The End of Print Encyclopedias?
Want to know about the the black widow spider? Or about the Gond tribe from India? Or is it the Bermuda Triangle you want to know about? The answers are now just a click away. But what does that mean to the publishers who print bulky volumes of encyclopedias?
A series of announcements from publishers across the globe in the last few weeks suggests that the long migration to the Internet has picked up pace, and that ahead of other books, magazines and even newspapers, the classic multivolume encyclopedia is well on its way to becoming the first casualty in the end of print.
Jorge Aguilar-Cauz, president of Encyclopaedia Britannica Inc., a private company based in Chicago, said that the print edition was still profitable, but that sales were just 10 percent of what they were in 1990. Customers are mostly schools and libraries.
It was only last month, however, that the publisher of Germany’s foremost multivolume encyclopedia, Brockhaus, took similar action, announcing that in April it would be putting online, free, all 300,000 of its articles, vetted by scholars over 200 years of print editions. (Brockhaus hopes to make money by selling ads on its site.) At the same time, the publishing house said it couldn’t promise that it would ever produce another print edition, something it has done regularly since the encyclopedia appeared in Leipzig in 1808.Publishers in Denmark and France, too, are rethinking the commercial viability of their encyclopedias. A one-volume French encyclopedia, Quid, lost its publisher last month, and may only survive online.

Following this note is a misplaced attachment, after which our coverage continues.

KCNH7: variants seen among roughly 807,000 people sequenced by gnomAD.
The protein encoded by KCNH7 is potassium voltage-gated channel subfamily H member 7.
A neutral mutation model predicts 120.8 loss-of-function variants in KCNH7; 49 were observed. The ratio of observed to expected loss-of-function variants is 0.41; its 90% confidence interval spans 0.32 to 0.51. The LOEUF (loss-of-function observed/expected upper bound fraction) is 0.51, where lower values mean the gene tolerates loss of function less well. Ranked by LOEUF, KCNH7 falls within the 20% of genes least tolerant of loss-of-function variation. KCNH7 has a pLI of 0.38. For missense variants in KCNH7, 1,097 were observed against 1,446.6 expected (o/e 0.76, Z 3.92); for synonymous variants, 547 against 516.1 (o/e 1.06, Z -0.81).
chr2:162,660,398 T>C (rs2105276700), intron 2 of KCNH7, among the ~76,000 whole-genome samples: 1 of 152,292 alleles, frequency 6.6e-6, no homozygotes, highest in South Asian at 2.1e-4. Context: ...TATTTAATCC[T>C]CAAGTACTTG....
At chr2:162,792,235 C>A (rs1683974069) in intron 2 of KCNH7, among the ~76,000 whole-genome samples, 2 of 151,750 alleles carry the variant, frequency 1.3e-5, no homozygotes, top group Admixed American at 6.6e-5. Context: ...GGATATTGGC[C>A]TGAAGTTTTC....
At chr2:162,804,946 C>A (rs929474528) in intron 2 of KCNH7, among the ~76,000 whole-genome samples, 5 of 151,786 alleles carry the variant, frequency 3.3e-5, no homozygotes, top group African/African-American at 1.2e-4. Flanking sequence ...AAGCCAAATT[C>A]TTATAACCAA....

Yet, as encyclopedia publishers struggle, the Internet age has become a golden one for the newer kind of encyclopedia. An ambitious project to catalog online all known species on earth — with the even-more-ambitious title the Encyclopedia of Life — went live last month.
And then there is the behemoth Wikipedia, a project that has no board to vet articles and is created by thousands of volunteers, with more than two million articles in English and an additional five million in a babel of other languages.
So will this be the end for encyclopedias?
Mr. Aguilar-Cauz of Britannica is counting on that sort of nostalgic allure to keep at least some encyclopedias on bookshelves and not just hard drives. He envisioned the print volumes living on as a niche, luxury item, with high-quality paper and glossy photographs — similar to the way some audiophiles still swear by vinyl LPs and turntables. “What you need people to understand,” he said, “is that it is a luxury experience. You want to be able to produce a lot of joy, a paper joy.”